If all this suggests a natural partnership between India and the Gulf, especially Saudi Arabia and the UAE, there are also huge accompanying risks. Optically the relationship may help Indian Muslims to see coexistence with Hindus as natural in this country, but there is no gainsaying the fact that Saudi Wahhabism has been growing its footprint in India, and many Muslims are getting radicalised by the building of Saudi-funded mosques. The fact that even a literate state like Kerala has generated recruits for Islamic State should serve as a warning.

The Saudis also fund mosques in our two neighbouring states, Pakistan and Bangladesh, and both these states have been busy ethnically cleansing themselves of non-Muslims, including Muslims deemed non-Muslims by the Wahhabists due to the adoption of non-Sunni or syncretic practices. The list of enemies now includes not only 'idol worshippers' and 'kafirs' like Hindus, but also the Shias, Ahmaddiyas and Bahais. It is no coincidence that Wahhabism has led to attacks on Shia mosques not only in Pakistan, but also Afghanistan.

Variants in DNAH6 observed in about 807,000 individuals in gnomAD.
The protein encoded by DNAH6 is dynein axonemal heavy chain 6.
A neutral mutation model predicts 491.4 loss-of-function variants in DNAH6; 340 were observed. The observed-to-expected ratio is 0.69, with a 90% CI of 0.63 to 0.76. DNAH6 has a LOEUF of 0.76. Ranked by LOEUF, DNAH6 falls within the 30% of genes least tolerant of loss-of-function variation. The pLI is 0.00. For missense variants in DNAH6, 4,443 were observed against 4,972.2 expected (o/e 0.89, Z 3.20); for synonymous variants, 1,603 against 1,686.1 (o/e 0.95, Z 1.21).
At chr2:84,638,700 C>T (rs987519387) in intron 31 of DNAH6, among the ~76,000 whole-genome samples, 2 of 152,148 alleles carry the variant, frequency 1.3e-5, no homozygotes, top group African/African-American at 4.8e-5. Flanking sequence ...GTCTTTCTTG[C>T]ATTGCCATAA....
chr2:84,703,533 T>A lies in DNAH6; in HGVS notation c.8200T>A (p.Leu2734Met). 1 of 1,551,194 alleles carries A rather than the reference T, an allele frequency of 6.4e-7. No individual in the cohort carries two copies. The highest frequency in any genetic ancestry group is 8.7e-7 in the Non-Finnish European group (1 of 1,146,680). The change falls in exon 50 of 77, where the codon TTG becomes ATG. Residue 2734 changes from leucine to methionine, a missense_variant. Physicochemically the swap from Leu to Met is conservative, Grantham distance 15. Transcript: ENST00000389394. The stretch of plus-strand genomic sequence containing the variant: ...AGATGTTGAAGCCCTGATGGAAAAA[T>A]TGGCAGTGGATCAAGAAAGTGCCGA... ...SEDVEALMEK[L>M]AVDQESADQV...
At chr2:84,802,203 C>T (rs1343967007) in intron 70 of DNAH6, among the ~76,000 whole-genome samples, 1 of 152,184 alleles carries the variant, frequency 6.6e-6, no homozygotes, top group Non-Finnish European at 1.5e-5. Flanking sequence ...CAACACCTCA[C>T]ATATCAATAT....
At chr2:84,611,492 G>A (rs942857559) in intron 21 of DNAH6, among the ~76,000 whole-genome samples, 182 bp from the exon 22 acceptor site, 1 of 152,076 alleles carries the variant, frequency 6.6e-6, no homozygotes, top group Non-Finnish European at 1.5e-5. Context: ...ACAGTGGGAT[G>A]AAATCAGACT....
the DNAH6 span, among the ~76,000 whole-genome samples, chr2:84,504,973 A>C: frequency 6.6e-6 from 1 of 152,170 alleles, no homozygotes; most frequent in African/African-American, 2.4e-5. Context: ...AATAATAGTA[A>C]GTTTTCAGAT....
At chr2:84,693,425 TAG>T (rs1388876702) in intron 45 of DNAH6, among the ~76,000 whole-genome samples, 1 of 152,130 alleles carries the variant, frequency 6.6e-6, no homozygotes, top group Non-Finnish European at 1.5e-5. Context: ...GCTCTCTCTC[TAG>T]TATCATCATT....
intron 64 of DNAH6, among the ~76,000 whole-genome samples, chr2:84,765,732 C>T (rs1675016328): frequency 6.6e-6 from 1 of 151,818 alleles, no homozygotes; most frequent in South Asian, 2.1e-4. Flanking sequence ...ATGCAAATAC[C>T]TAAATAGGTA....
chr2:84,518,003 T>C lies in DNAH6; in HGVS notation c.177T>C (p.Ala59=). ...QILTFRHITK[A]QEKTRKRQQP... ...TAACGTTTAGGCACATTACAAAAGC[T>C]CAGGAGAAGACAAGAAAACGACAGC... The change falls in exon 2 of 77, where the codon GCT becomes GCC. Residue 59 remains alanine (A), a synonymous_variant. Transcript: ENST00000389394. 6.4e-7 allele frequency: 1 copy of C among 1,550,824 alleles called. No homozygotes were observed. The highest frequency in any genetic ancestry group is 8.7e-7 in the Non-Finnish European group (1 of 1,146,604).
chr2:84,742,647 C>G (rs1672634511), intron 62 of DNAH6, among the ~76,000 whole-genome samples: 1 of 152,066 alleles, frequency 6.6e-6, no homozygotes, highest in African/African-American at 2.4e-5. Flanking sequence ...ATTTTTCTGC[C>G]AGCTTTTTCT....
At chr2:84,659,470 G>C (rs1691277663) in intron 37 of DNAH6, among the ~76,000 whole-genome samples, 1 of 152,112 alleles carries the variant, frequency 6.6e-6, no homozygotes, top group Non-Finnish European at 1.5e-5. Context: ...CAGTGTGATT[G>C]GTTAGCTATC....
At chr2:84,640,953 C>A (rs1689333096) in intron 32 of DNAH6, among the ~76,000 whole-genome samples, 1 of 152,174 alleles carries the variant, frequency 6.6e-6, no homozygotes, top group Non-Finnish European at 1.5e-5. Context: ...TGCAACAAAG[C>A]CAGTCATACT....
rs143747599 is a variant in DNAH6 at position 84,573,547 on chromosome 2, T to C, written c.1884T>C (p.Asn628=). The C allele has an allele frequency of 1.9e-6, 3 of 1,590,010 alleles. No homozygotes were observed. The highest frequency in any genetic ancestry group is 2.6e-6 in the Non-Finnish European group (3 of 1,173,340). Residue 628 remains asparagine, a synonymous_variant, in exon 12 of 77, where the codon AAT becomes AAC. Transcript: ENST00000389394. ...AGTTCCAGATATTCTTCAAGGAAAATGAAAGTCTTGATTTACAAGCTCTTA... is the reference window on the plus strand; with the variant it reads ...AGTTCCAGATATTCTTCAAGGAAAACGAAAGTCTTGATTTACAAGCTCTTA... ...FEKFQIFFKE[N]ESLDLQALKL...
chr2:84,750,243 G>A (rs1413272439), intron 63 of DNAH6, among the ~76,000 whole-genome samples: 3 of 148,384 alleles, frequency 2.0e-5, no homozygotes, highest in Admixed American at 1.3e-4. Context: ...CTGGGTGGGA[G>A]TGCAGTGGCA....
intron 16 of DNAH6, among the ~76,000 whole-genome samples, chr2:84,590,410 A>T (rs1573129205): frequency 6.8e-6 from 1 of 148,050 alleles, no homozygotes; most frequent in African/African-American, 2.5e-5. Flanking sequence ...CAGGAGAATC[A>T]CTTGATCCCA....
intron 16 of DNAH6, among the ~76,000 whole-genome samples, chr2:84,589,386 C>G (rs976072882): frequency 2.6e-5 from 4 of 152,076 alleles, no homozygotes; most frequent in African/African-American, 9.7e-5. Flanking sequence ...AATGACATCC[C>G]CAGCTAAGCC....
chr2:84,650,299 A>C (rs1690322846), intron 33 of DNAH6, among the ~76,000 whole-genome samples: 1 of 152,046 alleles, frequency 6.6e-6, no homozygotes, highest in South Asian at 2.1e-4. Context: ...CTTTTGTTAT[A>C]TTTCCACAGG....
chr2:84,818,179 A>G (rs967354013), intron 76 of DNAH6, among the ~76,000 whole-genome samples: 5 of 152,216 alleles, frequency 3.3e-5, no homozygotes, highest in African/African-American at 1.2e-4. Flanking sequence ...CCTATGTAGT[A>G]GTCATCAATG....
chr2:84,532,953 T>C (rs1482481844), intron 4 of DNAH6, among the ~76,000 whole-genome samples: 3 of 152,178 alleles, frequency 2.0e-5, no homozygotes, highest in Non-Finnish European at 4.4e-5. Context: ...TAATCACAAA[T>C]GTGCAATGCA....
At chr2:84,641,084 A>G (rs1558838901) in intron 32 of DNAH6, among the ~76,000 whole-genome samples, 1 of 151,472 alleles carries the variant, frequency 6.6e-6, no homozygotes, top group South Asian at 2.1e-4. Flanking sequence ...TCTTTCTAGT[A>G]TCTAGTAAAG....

India’s new relationship with Saudi Arabia and UAE, while certainly beneficial to both parties economically, is also fraught with risk. It will last only as long as the Gulf interest stays focused on economic cooperation, and not Dawa – the spread of Islamic ideas in India.

India should indeed welcome Saudi and UAE investments in infrastructure and in countering terrorism, but it should remain wary about Saudi interest in Indian Islam. India has already paid a high price for the spread of Wahhabism in the country, and it cannot afford to allow this ideology to spread.

As long as India is aware of this reality, the relationship will benefit both parties. Having allowed the camel into the tent, it is India’s duty to ensure that it is not pushed out of it by Saudi interest in socio-religious activities. We need to be eternally vigilant.